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Assessment of habitat threats to shrublands in the Great Basin: a case studyAuthor(s): Mary M. Rowland; Lowell H. Suring; Michael J. Wisdom
Source: In: Pye, John M.; Rauscher, H. Michael; Sands, Yasmeen; Lee, Danny C.; Beatty, Jerome S., tech. eds. Advances in threat assessment and their application to forest and rangeland management. Gen. Tech. Rep. PNW-GTR-802. Portland, OR: U.S. Department of Agriculture, Forest Service, Pacific Northwest and Southern Research Stations: 673-685
Publication Series: General Technical Report (GTR)
Station: Pacific Northwest Research Station
PDF: Download Publication (423.0 KB)
DescriptionThe sagebrush (Artemisia spp.) ecosystem is one of the most imperiled in the United States. In the Great Basin ecoregion and elsewhere, catastrophic wildland fires are often followed by the invasion of cheatgrass (Bromus tectorum L.), eliminating or altering millions of hectares of sagebrush and other shrublands. Sagebrush in the Great Basin also is threatened by displacement from encroaching pinyon-juniper woodlands. Despite these changes, the ecoregion retains some of the Nation’s largest remaining expanses of sagebrush, most of which are federally managed. Because of these losses and degradation, sagebrush associated species are declining. To address these issues, we conducted a regional assessment of habitat threats for 40 sagebrush-associated vertebrates of concern in the Great Basin. Our goals were to (1) evaluate habitat conditions for species of concern for conservation planning and management, (2) demonstrate the application of new methods of regional threat assessment in shrubland communities, and (3) describe implications of results for management. Our analyses suggested that more than 55 percent (4.8 million ha) of sagebrush in the Great Basin is at moderate or high risk of being displaced by cheatgrass. Cheatgrass invasion also threatens other shrubland communities, particularly salt desert scrub (96 percent; 7.1 million ha at moderate or high risk). Substantial areas of sagebrush (41 percent; 2.0 million ha) were predicted to be at moderate or high risk of displacement by pinyon-juniper in the eastern Great Basin. Although little sagebrush (less than 1 percent) was at high risk to both threats, more than one-third was at high risk to cheatgrass and low or moderate risk from woodlands. Habitat loss, including sagebrush and other native plant communities, to cheatgrass could exceed 65 percent (8 million ha) for some of the 40 vertebrate species evaluated. Maintenance and restoration of native shrublands in the Great Basin will require both active and passive management to mitigate the formidable threats posed by cheatgrass and pinyon-juniper woodland expansion.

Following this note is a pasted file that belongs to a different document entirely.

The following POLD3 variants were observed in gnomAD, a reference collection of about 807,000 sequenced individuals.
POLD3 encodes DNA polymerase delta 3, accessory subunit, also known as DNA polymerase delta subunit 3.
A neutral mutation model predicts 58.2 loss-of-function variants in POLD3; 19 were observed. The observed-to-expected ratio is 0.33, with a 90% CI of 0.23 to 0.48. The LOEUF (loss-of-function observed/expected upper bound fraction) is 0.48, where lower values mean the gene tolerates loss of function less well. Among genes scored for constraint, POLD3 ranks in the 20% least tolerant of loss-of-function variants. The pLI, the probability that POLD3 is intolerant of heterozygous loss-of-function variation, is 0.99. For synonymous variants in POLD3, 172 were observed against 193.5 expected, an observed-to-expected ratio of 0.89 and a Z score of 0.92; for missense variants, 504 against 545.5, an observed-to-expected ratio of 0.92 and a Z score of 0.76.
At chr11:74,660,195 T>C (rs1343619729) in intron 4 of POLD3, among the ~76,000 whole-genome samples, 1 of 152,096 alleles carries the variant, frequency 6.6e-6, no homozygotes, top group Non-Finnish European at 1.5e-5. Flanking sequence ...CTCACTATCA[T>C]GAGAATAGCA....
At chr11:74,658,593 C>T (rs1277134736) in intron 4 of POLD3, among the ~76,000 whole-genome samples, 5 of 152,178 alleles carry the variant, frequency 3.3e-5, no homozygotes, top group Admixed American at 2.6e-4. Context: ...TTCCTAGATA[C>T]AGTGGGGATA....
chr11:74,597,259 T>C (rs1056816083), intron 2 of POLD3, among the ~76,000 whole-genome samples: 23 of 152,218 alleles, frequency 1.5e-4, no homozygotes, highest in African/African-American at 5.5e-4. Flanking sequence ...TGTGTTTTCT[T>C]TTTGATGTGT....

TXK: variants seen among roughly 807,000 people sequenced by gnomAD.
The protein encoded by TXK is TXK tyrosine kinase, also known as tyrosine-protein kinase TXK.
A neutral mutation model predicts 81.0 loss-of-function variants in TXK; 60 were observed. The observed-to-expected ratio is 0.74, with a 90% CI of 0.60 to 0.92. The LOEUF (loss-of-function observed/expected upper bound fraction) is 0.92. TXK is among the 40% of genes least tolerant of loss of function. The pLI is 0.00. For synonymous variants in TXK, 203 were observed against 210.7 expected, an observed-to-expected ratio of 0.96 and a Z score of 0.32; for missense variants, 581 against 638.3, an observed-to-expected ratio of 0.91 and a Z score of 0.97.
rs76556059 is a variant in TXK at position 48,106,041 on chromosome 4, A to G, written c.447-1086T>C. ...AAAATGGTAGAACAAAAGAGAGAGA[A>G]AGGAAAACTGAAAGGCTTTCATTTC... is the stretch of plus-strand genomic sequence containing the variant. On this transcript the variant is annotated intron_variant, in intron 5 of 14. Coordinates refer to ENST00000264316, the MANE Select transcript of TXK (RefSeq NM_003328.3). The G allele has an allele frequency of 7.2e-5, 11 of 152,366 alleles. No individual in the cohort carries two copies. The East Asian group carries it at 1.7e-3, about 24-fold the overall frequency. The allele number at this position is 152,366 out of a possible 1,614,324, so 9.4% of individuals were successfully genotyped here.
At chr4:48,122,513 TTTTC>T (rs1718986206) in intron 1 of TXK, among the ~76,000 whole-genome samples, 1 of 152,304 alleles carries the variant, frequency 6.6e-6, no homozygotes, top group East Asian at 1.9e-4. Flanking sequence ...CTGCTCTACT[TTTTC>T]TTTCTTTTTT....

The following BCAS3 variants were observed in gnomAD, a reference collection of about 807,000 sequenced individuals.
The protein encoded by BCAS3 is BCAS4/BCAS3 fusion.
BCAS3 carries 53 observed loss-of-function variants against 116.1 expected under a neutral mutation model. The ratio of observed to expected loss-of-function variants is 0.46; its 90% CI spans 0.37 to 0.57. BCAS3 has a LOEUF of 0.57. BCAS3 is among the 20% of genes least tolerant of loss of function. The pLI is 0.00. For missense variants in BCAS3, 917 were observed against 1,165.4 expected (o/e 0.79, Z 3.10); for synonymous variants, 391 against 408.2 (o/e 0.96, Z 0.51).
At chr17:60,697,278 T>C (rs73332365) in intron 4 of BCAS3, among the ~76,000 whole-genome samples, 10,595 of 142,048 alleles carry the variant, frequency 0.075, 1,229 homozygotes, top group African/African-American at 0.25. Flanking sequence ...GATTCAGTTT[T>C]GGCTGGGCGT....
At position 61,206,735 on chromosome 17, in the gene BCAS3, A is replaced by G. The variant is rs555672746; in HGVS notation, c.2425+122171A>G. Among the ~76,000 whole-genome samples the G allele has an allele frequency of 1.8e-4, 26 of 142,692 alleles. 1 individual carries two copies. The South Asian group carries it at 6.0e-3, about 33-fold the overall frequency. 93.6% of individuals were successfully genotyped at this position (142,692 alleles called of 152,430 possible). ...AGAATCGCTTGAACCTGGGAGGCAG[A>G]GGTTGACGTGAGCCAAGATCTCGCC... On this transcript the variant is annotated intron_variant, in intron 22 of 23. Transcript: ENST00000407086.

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CitationRowland, Mary M.; Suring, Lowell H.; Wisdom, Michael J. 2010. Assessment of habitat threats to shrublands in the Great Basin: a case study. In: Pye, John M.; Rauscher, H. Michael; Sands, Yasmeen; Lee, Danny C.; Beatty, Jerome S., tech. eds. Advances in threat assessment and their application to forest and rangeland management. Gen. Tech. Rep. PNW-GTR-802. Portland, OR: U.S. Department of Agriculture, Forest Service, Pacific Northwest and Southern Research Stations: 673-685.
KeywordsCheatgrass, Great Basin, models, pinyonjuniper woodlands, sagebrush, threats.
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